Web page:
What I Wish Somebody Had Said To Me When I Started Learning To Code

You can do this.

Learning to code will be both easier and harder than you think. That sounds like mystical mumbo jumbo, but it’s true.

You are learning a kind of language. Just like learning a new human language, there will be culture shock. You will want to run away back to familiar things, but you’ll never learn if you do.

You will feel dumb. You will think you are the only person who ever felt dumb while learning to code. You will think people who know how to code have some kind of magic powers that you just don’t have.

There are no magic powers. Professional coders felt the same way as you do when they were learning. They still feel dumb sometimes.

If your code doesn’t run without bugs on the first try, you do not suck at coding and it doesn’t mean everything you wrote is worthless.

You will never reach a level of skill in which you will always just magically write bug-free code. You will never reach a point in working with code in which you do not have to deal with bugs. Instead, you will get better at tracking down, spotting, and fixing bugs through time and practice, and a lot of staring at your code in confusion. Developing efficient debugging skills is more important than stressing over writing “perfect” code on your first try.

When you get something to work, go back and make sure you understand why it wasn’t running before. Be very specific. Make a note of it. Understanding why code breaks is key to helping you more reliably know how code works. If you just move on because it’s working, it will take you a lot longer to learn things.

Code with other people who are learning to code. You’ll learn both from their experience and by teaching them what you know. You will see that other people are struggling too. Tell each other that it’s okay, and that you are getting this. Remind each other that this can be hard, and neither of you are dumb.

Like any language, there are conventions and common practices in coding. Learning these will help you to communicate more easily with other people who speak this language. Like any language, sometimes these conventions will feel arbitrary or illogical. Learn them anyway. One day, maybe, you can be a voice in the community to argue for changes in conventions. But for now you will be for better served by learning and adopting convention then you will be by immediately challenging or resisting it.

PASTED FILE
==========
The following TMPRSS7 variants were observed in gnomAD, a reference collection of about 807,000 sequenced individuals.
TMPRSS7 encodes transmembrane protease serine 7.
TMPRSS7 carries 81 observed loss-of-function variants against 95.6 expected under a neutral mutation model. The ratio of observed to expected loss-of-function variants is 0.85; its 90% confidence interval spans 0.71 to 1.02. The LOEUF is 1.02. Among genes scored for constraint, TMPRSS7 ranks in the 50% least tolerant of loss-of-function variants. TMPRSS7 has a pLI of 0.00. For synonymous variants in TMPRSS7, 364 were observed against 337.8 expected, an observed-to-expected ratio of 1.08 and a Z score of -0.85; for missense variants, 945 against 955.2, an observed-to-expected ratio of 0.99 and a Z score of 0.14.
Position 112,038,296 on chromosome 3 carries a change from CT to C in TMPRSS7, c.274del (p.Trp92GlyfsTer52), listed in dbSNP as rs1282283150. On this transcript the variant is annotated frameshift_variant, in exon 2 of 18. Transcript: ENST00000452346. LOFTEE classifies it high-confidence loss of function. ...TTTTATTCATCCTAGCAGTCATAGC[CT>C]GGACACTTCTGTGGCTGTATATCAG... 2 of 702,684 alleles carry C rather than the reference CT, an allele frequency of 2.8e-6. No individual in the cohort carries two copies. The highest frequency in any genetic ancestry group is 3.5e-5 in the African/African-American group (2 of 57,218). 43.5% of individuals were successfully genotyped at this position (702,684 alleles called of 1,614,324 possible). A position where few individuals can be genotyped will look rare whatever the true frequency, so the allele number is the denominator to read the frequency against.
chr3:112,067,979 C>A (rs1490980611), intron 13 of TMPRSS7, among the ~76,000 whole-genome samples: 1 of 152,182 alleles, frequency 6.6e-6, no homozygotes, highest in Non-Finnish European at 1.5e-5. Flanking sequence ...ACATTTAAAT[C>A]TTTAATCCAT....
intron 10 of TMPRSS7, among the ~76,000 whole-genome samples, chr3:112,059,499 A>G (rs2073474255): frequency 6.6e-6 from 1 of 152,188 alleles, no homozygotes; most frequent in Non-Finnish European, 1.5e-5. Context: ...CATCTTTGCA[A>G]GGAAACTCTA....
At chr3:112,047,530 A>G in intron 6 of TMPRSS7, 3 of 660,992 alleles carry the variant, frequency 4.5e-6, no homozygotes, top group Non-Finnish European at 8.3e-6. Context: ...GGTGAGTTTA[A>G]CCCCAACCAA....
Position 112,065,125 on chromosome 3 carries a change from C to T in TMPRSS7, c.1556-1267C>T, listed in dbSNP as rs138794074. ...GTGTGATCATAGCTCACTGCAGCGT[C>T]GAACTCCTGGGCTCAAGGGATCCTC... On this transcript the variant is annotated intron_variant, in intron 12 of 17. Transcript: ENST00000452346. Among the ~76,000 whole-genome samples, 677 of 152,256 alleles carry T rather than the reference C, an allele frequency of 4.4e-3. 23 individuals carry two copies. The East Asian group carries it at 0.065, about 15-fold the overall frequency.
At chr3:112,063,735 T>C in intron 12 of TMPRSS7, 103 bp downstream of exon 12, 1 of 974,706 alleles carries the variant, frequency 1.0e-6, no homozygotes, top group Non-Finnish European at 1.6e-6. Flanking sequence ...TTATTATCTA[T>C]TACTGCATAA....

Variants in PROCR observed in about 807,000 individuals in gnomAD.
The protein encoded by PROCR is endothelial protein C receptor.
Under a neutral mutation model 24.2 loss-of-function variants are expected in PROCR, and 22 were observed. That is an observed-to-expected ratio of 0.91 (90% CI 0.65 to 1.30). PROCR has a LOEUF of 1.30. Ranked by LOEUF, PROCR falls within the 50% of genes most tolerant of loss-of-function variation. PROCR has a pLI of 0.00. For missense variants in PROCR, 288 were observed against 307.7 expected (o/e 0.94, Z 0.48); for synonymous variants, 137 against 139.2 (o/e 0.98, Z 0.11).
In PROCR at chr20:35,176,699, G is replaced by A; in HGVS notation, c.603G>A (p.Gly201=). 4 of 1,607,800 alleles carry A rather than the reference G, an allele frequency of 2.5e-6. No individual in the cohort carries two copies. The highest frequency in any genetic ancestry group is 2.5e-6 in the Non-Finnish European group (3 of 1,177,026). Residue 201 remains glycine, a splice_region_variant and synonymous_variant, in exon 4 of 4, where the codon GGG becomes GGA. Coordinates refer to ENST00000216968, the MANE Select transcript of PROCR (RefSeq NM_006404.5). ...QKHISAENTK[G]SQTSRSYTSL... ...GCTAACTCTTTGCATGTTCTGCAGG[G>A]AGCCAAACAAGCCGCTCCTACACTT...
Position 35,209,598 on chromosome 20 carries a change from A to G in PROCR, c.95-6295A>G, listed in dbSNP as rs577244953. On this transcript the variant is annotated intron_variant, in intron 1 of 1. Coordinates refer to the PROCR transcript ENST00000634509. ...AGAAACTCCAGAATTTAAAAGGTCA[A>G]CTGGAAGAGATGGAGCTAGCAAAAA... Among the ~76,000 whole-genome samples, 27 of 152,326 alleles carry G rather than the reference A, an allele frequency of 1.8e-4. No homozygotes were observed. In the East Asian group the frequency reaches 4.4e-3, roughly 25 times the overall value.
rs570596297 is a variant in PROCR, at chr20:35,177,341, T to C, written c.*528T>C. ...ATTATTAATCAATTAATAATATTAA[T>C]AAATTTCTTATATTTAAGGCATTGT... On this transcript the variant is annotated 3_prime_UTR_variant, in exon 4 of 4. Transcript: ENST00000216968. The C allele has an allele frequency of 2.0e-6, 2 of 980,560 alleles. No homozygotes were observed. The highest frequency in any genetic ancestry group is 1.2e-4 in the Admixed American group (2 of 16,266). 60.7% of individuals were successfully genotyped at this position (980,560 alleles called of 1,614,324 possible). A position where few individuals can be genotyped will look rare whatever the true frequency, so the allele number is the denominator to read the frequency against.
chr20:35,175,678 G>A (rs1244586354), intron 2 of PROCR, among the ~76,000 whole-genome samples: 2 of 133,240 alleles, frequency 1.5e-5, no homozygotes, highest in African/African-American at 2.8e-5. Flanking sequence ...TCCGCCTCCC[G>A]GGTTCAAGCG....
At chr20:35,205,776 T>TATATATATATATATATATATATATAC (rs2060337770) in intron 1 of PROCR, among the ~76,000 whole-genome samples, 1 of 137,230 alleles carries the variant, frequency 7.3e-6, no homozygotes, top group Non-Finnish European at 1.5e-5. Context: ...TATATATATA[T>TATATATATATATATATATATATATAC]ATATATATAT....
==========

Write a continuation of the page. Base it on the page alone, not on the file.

In the professional world, coding is not a solitary activity. It is a social and collaborative, done by teams of people working closely together. Learn to be flexible. Understand that there’s usually no one right way. Practice talking about code and explaining what the code is doing to other people. Learn to write your code in a way that is easy for other people to read. When assigning names, give names that make sense and represent what the thing is or does. Look up spacing, indentation, and naming conventions for the language you are learning and follow them — they are designed to make your code more readable.

You’ll see code online that looks flashy because it shortens a whole algorithm into one compact line that is almost impossible for the human mind to parse and would be incredibly difficult to debug. You will be tempted to think that this is what professional coders do and that this should be your goal. It is not.

Your code will not run a lot of the time. You will have error after error after error. It will take you hours to get a simple thing to work. If you see this as failure, you will be exhausted and demoralized very quickly. This is why a lot of people who try to learn to code give up. If, instead, you see the process of getting your code to work as an exciting challenge or puzzle and celebrate wildly when it finally works, you are already on your way to being a great programmer.

Writing code requires patience with yourself. Coding without losing your mind will require being kind to yourself and giving yourself positive reinforcement. The computer will not reassure you that you are doing well or that you were close that time, it will only tell you that your code didn’t work. It will be up to you to pat yourself on the back for steps forward and make the most of every success and to seek out companions on this crazy journey who will help encourage you. If you do not do this, you will burn out, give up, and convince yourself that you simply cannot code.

You can code.

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